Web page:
In the mid-term, meetings can literally cost your organization hard-earned dollars. It is estimated that $30 billion a year is wasted on unproductive meetings in the US.

And finally, in the long term, you’re going to lose quality staff. We all went into nonprofits to make an impact, to create change. When our time is spent in unproductive meetings, that means we’re not being inspired and we feel like we’re not making a difference. And if you don’t feel like you’re making a difference, you’re going to find a new nonprofit where you can feel that way. It’s only fair.

Given how much negativity surrounds meetings, should we just do away with them completely? Personally, I don’t think so. While we can do away with some meetings, they are not all bad.

Meetings serve an important purpose. They bring individuals together to work in a team. You feel like you’re part of a community when you problem solve together. It also helps us coordinate our individual duties so that we can coherently address our mission.

Components of an Effective Meeting

A meeting can be defined as “an interaction that utilizes a set of resources to transform the group’s present problem state into its desired future state through a series of action steps.” The resources we have during a meeting are the people involved, the transformation is accomplishing the meeting outcomes, and the action steps make up the agenda.

There are three types of action steps which include: sharing information, seeking input for a decision, or making a decision. Whenever you look at an agenda or create an agenda, you want to make sure to categorize each agenda item into one of these three categories so you know how to guide the discussion and so you know when discussion on that action item has concluded.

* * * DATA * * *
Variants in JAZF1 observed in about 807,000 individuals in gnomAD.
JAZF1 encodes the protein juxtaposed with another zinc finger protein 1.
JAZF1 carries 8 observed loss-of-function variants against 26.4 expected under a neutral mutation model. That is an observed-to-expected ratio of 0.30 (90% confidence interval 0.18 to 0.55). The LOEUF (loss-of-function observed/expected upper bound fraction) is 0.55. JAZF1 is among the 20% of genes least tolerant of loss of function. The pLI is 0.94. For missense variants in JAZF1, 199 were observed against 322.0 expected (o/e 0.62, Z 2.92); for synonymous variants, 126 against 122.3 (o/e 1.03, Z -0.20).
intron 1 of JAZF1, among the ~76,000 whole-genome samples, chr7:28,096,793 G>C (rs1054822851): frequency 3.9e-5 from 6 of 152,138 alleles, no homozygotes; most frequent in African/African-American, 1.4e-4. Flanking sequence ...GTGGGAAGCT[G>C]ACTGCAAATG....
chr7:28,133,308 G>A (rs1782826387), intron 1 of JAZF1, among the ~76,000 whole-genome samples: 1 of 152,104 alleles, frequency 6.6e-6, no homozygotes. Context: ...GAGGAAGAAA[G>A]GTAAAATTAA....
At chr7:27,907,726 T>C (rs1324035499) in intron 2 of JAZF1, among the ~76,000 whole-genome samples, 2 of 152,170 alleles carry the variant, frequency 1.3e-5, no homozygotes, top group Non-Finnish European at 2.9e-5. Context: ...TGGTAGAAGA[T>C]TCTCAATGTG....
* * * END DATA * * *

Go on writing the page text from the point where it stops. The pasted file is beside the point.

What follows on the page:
Overall, the process of the meeting has two outcomes- the task outcome and the relational outcome. In terms of the task outcome, meetings bring people together to accomplish a task, and this task is the content of the meeting. The relational aspect is that, in order to accomplish the task, we need to create and maintain positive emotions that will promote working together effectively.

While we think of meetings as just the time that we spend together around a conference table, meetings are made up of three stages- pre-meeting, meeting, and the post-meeting.


Out of these three phases, the pre-meeting phase should get most of your attention. During this phase, you clarify what the desired outcomes of the meeting are, you draft the agenda, determine who needs to show up- all the pieces that make a meeting productive get put together during this pre-meeting phase

An effective meeting design focuses on formulating the problem and outcomes to be addressed during the meeting. When you get together a group of participants, there should be clarity around why the meeting is being called. When participants know why they are meeting, and the outcomes you are working towards together as a group, they are more likely to come prepared to discuss and actively participate in the meeting.